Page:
|Was the replacement mboard identical or different?|
MAKE SURE there are no metal mboard mounting posts mounted in the case where there are no holes for mounting screws in the mboard!!
You probably had a loose connection, or your ram was getting a poor connection.
My usual suggestions -
Check all the connections of the wiring to make sure they are all the way onto their pins and into their sockets, especially the main connector from the power supply. The wires close to the mboard going into the main power connector/socket should be more or less perpendicular to the mboard surface rather than at an angle. Make sure all cards in slots are all the way down in their slots.
See response 2 in this - try cleaning the contacts on the ram modules, and making sure the modules are properly seated:
It is common to un-intentionally damage IDE data cables, especially while removing them - the 80 wire ones are more likely to be damaged. What usually happens is the cable is ripped at either edge and the wires there are either damaged or severed, often right at a connector or under it's cable clamp there, where it's hard to see - if a wire is severed but it's ends are touching, the connection is intermittant, rather than being reliable.
Another common thing is for the data cable to be separated from the connector contacts a bit after you have removed a cable - there should be no gap between the data cable and the connector - if there is press the cable against the connector to eliminate the gap.
80 wire data cables are also easily damaged at either edge if the cable is sharply creased at a fold in the cable.
Try another data cable if in doubt.
Check your SATA data cables. The connector on each end should "latch" into the socket on the drive and on the mboard, or on the drive controller card - it should not move when you merely brush your hand against it near the socket - if it does, mere vibration can cause a poor connection of it - use another SATA data cable that does "latch", or tape the connector in place.
(There is a slight projection or bump on one side of the outside of the connector that "latches" it into the socket - it's easily broken off or damaged)
The same thing applies for the SATA power connection.
DO NOT try other ram in your mboard when your system isn't working properly - there is almost always nothing wrong with the ram if it worked fine previously in the same system, and the ram you try may not be compatible with your system!
Ram that works in another mboard , or any ram you buy or have lying around, may not work properly, or sometimes, not at all - even if it physically fits and is the right overall type (e.g. SDram, DDR, DDR2, etc.; PCxxxx, xxx mhz) for your mboard. In the worst cases of incompatibilty your mboard WILL NOT BOOT all the way with it installed, and the mboard may not even beep - the ram has to be compatible with the mboard's main chipset, or in the case of recent mboards, compatible with the memory controller built into the cpu.
The same applies for testing your ram in another mboard - the ram must be compatible with the other mboard - if it isn't any results of testing the ram on the other mboard cannot be relied upon to be valid.
If you still have the ram that was installed when the system worked fine, try installing just that ram.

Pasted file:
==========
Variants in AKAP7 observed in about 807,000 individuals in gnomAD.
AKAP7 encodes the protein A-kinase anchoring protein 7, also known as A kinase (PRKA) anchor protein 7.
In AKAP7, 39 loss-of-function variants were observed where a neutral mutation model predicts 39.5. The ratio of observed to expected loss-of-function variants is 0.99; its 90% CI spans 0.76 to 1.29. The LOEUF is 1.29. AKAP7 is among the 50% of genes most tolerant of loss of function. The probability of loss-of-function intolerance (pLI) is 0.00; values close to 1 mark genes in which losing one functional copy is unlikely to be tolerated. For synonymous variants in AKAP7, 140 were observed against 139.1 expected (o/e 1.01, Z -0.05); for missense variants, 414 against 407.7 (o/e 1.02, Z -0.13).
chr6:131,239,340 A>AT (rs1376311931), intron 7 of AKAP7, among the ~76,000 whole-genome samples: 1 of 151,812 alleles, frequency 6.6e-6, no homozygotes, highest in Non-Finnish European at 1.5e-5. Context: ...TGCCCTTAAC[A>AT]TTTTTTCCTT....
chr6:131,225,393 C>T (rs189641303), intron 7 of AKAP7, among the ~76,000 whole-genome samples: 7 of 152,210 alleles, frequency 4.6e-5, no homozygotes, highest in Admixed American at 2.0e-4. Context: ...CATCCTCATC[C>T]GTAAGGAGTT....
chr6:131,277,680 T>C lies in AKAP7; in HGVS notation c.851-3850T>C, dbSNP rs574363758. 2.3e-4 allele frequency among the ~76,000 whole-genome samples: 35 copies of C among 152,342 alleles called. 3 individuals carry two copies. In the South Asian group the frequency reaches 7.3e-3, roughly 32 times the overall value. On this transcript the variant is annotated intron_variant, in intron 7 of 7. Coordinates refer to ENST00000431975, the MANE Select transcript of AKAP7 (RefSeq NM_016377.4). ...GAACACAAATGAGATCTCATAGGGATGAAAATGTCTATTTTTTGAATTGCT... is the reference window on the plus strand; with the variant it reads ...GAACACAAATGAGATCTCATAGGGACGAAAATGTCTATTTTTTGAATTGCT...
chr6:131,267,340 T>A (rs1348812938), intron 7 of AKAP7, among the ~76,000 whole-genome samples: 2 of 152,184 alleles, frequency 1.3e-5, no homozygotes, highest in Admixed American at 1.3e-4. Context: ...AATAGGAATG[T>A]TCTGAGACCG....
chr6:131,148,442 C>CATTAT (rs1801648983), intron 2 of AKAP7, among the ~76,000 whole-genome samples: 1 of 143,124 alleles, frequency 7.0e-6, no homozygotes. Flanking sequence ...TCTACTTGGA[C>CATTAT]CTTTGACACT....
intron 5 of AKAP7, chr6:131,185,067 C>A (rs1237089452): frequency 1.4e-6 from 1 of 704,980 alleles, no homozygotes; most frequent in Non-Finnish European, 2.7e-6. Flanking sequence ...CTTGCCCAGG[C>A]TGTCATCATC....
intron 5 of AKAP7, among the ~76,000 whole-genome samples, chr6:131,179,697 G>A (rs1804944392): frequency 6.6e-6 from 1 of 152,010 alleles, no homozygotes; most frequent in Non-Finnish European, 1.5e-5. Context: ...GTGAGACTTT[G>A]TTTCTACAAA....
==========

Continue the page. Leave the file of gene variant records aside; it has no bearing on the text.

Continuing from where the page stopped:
See response 5 in this for some info about ram compatibilty, and some places where you can find out what will work in your mboard for sure:
Correction to that:
Once you know which module ID strings work in your mboard, you can get them from anywhere you like that has ram with those ID strings.
If you have brand name ram, it is usually easy to look up whether it's ID string is in a list of compatible modules found by using your mboard or brand name system model number.
If the ram is generic, that may be difficult or impossible.
emachines computers are well known to have el-cheapo power supplies that tend to fail more often than average, and when the power supply fails completely, they are a lot more likely than average to damage something else, often the mboard.
This is especially the case if the PS brand is BESTEC!!
Other than the PSs, there's nothing that's particularly substandard overall about emachines systems, especially more recent emachines models, because the mboards in them were/are almost always NOT made by the actual company that made the system - Trigem, in Korea - the mboards are made by major mboard manufacturers and supplied to Trigem. Trigem supplies the systems to emachines, and some other brand name builders also use Trigem supplied systems (and they often also have BESTEC power supplies) for their cheaper models.
T5234 Mboard is ECS MCP61PM-AM
However, he does not have the manual
PackardBell models use the same mboard:
Acer models use the same mboard:
Gateway uses the same mboard:
"It seems to be this one:
Only the LAN driver doesn't work."
MCP61PM-AM is probably an OEM only model - only supplied to brand name system builders - no support for the specific model on the ECS web site. The same mboard may be supplied to several different brand name builders, the only difference being the bios version is usually specific to the brand, although sometimes ECS mboards use a generic bios version . The model that guy found is very similar except the LAN chip is probably different. The mboard manual that guy found probably has info that also applies to the OEM only version, and the supported ram info (ram comptibility info) is probably the same.
However, the I/O chip and the bios code because of that may be different, so it's NOT a good idea to use bios updates for a similar model.
If you buy a ECS MCP61PM-AM that does not have the bios version for the brand name computer your using, then it's likely a Recovery disk or Recovery disk set for your model will refuse to load software because the bios code does not have the brand specific info it looks for, if the bios version is brand specific.